Friday, February 10, 2006

Gen Y's Fear of Thinking & Reading

AAAAAARRRRRGGGGGGGGGGGHHHHHHHHHHHHHH! The meaning behind this anguished roar will become obvious as you read on.

I usually address these posts to any and all intelligent people who donate their valuable time to reading my humble little blog. But in particular, I’d like to slant this dispatch to the age 16-25 crowd, the group currently populating our nation’s high schools and universities. Dudes and dudettes, as Neil Young once sang, this note’s for you.

As you can tell from some of my earlier posts, I am a reader. Yes, I’m one of those types who actually likes deciphering words printed on numbered pieces of paper. Much of my time in school was spent doing this archaic activity. No, I don’t make my living doing it. I do it for fun, to exercise my mind and my imagination. To some of you, this means I’m either A.) a senile old fart or B.) mentally ill. Possibly. But humor the old man, won’t you?

I don’t dislike Generation Y. You guys got stuck with a lot of things us Gen-X’ers didn’t have to deal with. A war, a crappy economy, reality TV and Baby Boomer parents, among them. You’ve done an admirable job dealing with this stuff, really. In general, you’re a bright bunch of kids. But there’s one thing about you guys that just puzzles the shit out of me. Why, oh why, do you hate/fear thinking so much?

I first thought of this question after reading a January 31st editorial in the Chicago Tribune, “Just Look It Up”. Long story made short: many schools and colleges allow, and even encourage, students to use laptops, PDA’s, graphing calculators and other technological doo-dads on tests. It’s part of a growing trend toward “legalized cheating” in school. The article took the middle of the road: “[t]echnology,” it stated, “can be a tool or a crutch.” The Tribune asked readers if they viewed this practice as dishonest and invited them to write in with their opinions. Many, as expected, called it cheating. But just as many declared that it was a perfectly acceptable practice. “Who cares where they get their answers?” asked reader Cindy Peyton. “More reading and research. . .more knowledge. I don’t consider it cheating.” A Chicago elementary teacher assigned the question as an essay topic to her 5th Grade class. “It will help students get better grades,” wrote one kid, “and make test-taking more enjoyable.” Out of the mouths of babes.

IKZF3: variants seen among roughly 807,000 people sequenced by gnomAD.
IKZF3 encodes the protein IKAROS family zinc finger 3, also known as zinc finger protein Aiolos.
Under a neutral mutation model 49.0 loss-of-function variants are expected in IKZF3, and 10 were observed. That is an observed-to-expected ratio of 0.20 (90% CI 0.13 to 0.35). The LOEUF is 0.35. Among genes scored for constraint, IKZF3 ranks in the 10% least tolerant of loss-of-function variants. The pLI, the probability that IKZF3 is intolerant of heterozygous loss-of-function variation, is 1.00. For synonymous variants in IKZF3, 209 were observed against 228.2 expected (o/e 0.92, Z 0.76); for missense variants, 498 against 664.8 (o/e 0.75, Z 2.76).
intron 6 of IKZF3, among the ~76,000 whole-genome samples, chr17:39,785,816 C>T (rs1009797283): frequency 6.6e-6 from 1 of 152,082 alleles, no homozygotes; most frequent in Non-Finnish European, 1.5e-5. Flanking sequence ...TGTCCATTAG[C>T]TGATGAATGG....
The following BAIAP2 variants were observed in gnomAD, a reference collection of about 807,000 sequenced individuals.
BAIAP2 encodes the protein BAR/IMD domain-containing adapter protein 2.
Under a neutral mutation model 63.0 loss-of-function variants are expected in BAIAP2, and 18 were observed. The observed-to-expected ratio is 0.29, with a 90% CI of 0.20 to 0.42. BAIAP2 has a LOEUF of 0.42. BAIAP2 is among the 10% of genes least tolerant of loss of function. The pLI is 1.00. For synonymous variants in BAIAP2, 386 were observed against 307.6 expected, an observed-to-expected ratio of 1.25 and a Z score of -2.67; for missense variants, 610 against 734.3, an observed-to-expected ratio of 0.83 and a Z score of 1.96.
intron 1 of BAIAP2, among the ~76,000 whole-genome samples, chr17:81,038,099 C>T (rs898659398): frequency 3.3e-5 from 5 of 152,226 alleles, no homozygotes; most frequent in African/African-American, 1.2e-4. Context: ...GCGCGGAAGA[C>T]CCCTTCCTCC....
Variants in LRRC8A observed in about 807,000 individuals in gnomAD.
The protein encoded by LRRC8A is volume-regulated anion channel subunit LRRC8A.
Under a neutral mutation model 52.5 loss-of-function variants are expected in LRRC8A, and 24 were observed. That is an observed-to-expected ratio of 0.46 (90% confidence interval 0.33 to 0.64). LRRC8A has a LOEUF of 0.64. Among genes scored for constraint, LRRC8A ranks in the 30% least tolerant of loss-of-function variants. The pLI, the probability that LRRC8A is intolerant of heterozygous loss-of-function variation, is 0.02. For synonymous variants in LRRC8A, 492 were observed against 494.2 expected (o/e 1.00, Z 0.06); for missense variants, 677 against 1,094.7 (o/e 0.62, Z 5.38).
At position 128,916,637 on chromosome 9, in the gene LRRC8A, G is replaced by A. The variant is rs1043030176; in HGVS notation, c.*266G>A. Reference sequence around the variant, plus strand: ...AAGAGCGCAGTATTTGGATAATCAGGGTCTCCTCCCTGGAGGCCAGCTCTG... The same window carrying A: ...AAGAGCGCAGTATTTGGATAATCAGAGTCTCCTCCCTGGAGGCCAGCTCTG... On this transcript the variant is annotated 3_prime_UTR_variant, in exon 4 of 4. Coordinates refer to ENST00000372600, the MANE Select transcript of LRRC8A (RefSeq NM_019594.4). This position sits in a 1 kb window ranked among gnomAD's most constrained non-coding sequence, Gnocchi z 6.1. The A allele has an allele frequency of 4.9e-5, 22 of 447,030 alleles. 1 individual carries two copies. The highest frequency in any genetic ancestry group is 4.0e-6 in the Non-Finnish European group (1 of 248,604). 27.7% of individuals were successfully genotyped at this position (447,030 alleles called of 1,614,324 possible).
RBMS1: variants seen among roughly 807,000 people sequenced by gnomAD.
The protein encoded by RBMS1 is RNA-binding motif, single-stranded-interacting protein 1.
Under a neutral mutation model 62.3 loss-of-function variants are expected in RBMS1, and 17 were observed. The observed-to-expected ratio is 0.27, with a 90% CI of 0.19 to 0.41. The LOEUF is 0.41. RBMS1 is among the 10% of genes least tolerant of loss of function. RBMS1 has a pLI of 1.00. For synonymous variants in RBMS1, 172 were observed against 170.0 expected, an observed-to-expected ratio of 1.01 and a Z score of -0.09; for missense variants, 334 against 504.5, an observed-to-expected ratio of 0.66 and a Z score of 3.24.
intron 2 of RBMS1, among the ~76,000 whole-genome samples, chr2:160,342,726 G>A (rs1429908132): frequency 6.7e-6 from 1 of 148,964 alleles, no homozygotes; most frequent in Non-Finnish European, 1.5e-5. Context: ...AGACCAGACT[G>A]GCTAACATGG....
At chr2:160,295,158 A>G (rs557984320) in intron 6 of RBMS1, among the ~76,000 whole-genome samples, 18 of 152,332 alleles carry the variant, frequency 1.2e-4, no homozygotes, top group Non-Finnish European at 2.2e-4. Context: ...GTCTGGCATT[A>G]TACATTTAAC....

A day or two later, I ran across a phenomenon online that I wasn’t aware of. It’s called “Rocketbooks: Classic Literature Visualized.” In short, Rocketbooks are DVD’s that summarize works of classic literature that are commonly assigned in high school and college classes. Several key scenes from each book are dramatized, Hollywood-style, with actors. Other segments include critics and scholars talking about key themes and characters in the books. Evidently, Rocketbooks are very popular. The company’s website,, is full of glowing testimonials. “Rocketbooks are here to save all students from the trials of classic literature,” gushes Kimberly Oakley, a student at Western Washington University. “This really helps me. . .appreciate literature more than I would from reading the book,” claims Bobby Sterling, a 16-year old at a California high school. Read Bobby’s comment again, slowly. What is he really saying?

Maybe it’s me. I thought the point of education was to become educated. To learn how to think, reason and interpret. You do that by using—by challenging—your brain. Reading works of classic literature is one way to do that. Obviously, I’m wrong. The point of education is to find the right answer, as easily as possible, and pass the test. And of course, test-taking should be as entertaining as a trip to Disneyland, or else it isn’t worth it. I graduated college just over 10 years ago. What in hell has happened since then?